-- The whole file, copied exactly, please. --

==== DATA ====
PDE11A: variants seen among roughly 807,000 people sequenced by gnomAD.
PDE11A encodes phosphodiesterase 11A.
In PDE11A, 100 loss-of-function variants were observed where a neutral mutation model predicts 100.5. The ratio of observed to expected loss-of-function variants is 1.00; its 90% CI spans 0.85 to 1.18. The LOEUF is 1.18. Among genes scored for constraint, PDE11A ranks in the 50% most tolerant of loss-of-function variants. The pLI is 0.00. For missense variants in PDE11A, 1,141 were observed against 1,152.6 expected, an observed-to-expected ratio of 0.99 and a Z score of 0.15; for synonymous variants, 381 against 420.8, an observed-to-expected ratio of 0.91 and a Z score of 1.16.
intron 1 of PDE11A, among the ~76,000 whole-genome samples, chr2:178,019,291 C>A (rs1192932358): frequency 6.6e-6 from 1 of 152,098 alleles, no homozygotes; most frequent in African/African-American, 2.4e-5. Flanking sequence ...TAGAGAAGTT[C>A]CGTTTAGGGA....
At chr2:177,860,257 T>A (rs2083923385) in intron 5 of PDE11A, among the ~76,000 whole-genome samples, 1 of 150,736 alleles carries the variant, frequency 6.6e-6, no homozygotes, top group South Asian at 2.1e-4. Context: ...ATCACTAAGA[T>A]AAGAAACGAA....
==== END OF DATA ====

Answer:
PDE11A: variants seen among roughly 807,000 people sequenced by gnomAD.
PDE11A encodes phosphodiesterase 11A.
In PDE11A, 100 loss-of-function variants were observed where a neutral mutation model predicts 100.5. The ratio of observed to expected loss-of-function variants is 1.00; its 90% CI spans 0.85 to 1.18. The LOEUF is 1.18. Among genes scored for constraint, PDE11A ranks in the 50% most tolerant of loss-of-function variants. The pLI is 0.00. For missense variants in PDE11A, 1,141 were observed against 1,152.6 expected, an observed-to-expected ratio of 0.99 and a Z score of 0.15; for synonymous variants, 381 against 420.8, an observed-to-expected ratio of 0.91 and a Z score of 1.16.
intron 1 of PDE11A, among the ~76,000 whole-genome samples, chr2:178,019,291 C>A (rs1192932358): frequency 6.6e-6 from 1 of 152,098 alleles, no homozygotes; most frequent in African/African-American, 2.4e-5. Flanking sequence ...TAGAGAAGTT[C>A]CGTTTAGGGA....
At chr2:177,860,257 T>A (rs2083923385) in intron 5 of PDE11A, among the ~76,000 whole-genome samples, 1 of 150,736 alleles carries the variant, frequency 6.6e-6, no homozygotes, top group South Asian at 2.1e-4. Context: ...ATCACTAAGA[T>A]AAGAAACGAA....